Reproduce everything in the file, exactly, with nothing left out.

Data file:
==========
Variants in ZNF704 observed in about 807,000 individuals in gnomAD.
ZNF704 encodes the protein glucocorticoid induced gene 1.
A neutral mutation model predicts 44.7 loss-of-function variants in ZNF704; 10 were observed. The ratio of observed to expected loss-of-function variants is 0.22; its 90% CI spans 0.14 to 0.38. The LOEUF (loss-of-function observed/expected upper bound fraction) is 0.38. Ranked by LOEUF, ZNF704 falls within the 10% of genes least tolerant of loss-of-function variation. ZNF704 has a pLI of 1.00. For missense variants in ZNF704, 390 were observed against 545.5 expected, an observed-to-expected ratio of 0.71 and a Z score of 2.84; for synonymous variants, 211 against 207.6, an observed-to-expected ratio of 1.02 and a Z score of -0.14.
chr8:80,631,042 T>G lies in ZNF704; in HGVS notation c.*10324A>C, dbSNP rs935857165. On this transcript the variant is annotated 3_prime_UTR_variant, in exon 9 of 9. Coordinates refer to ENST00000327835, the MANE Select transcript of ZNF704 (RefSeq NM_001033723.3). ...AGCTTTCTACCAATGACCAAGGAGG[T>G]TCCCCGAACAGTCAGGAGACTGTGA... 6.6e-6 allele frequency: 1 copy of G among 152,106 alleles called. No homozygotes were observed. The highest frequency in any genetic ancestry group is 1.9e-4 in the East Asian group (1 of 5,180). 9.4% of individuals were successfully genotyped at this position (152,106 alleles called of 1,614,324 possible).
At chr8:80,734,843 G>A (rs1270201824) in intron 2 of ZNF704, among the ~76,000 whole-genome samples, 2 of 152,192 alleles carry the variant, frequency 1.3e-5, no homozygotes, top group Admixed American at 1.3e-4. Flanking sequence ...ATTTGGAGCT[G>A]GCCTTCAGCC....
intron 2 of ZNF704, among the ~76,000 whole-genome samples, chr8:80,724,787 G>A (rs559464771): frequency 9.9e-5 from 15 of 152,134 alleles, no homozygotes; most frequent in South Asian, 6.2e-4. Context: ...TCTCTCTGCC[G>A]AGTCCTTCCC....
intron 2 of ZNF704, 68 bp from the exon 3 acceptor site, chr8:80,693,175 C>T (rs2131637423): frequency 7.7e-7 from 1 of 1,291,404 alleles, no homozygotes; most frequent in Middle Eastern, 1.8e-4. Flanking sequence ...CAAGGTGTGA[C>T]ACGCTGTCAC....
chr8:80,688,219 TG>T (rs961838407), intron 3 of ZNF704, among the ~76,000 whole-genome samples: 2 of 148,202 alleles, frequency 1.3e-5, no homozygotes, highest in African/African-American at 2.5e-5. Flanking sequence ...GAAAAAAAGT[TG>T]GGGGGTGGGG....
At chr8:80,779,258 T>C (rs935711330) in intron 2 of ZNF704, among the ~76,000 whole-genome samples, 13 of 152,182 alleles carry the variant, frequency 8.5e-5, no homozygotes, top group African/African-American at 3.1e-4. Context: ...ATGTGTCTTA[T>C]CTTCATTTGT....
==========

Variants in ZNF704 observed in about 807,000 individuals in gnomAD.
ZNF704 encodes the protein glucocorticoid induced gene 1.
A neutral mutation model predicts 44.7 loss-of-function variants in ZNF704; 10 were observed. The ratio of observed to expected loss-of-function variants is 0.22; its 90% CI spans 0.14 to 0.38. The LOEUF (loss-of-function observed/expected upper bound fraction) is 0.38. Ranked by LOEUF, ZNF704 falls within the 10% of genes least tolerant of loss-of-function variation. ZNF704 has a pLI of 1.00. For missense variants in ZNF704, 390 were observed against 545.5 expected, an observed-to-expected ratio of 0.71 and a Z score of 2.84; for synonymous variants, 211 against 207.6, an observed-to-expected ratio of 1.02 and a Z score of -0.14.
chr8:80,631,042 T>G lies in ZNF704; in HGVS notation c.*10324A>C, dbSNP rs935857165. On this transcript the variant is annotated 3_prime_UTR_variant, in exon 9 of 9. Coordinates refer to ENST00000327835, the MANE Select transcript of ZNF704 (RefSeq NM_001033723.3). ...AGCTTTCTACCAATGACCAAGGAGG[T>G]TCCCCGAACAGTCAGGAGACTGTGA... 6.6e-6 allele frequency: 1 copy of G among 152,106 alleles called. No homozygotes were observed. The highest frequency in any genetic ancestry group is 1.9e-4 in the East Asian group (1 of 5,180). 9.4% of individuals were successfully genotyped at this position (152,106 alleles called of 1,614,324 possible).
At chr8:80,734,843 G>A (rs1270201824) in intron 2 of ZNF704, among the ~76,000 whole-genome samples, 2 of 152,192 alleles carry the variant, frequency 1.3e-5, no homozygotes, top group Admixed American at 1.3e-4. Flanking sequence ...ATTTGGAGCT[G>A]GCCTTCAGCC....
intron 2 of ZNF704, among the ~76,000 whole-genome samples, chr8:80,724,787 G>A (rs559464771): frequency 9.9e-5 from 15 of 152,134 alleles, no homozygotes; most frequent in South Asian, 6.2e-4. Context: ...TCTCTCTGCC[G>A]AGTCCTTCCC....
intron 2 of ZNF704, 68 bp from the exon 3 acceptor site, chr8:80,693,175 C>T (rs2131637423): frequency 7.7e-7 from 1 of 1,291,404 alleles, no homozygotes; most frequent in Middle Eastern, 1.8e-4. Flanking sequence ...CAAGGTGTGA[C>T]ACGCTGTCAC....
chr8:80,688,219 TG>T (rs961838407), intron 3 of ZNF704, among the ~76,000 whole-genome samples: 2 of 148,202 alleles, frequency 1.3e-5, no homozygotes, highest in African/African-American at 2.5e-5. Flanking sequence ...GAAAAAAAGT[TG>T]GGGGGTGGGG....
At chr8:80,779,258 T>C (rs935711330) in intron 2 of ZNF704, among the ~76,000 whole-genome samples, 13 of 152,182 alleles carry the variant, frequency 8.5e-5, no homozygotes, top group African/African-American at 3.1e-4. Context: ...ATGTGTCTTA[T>C]CTTCATTTGT....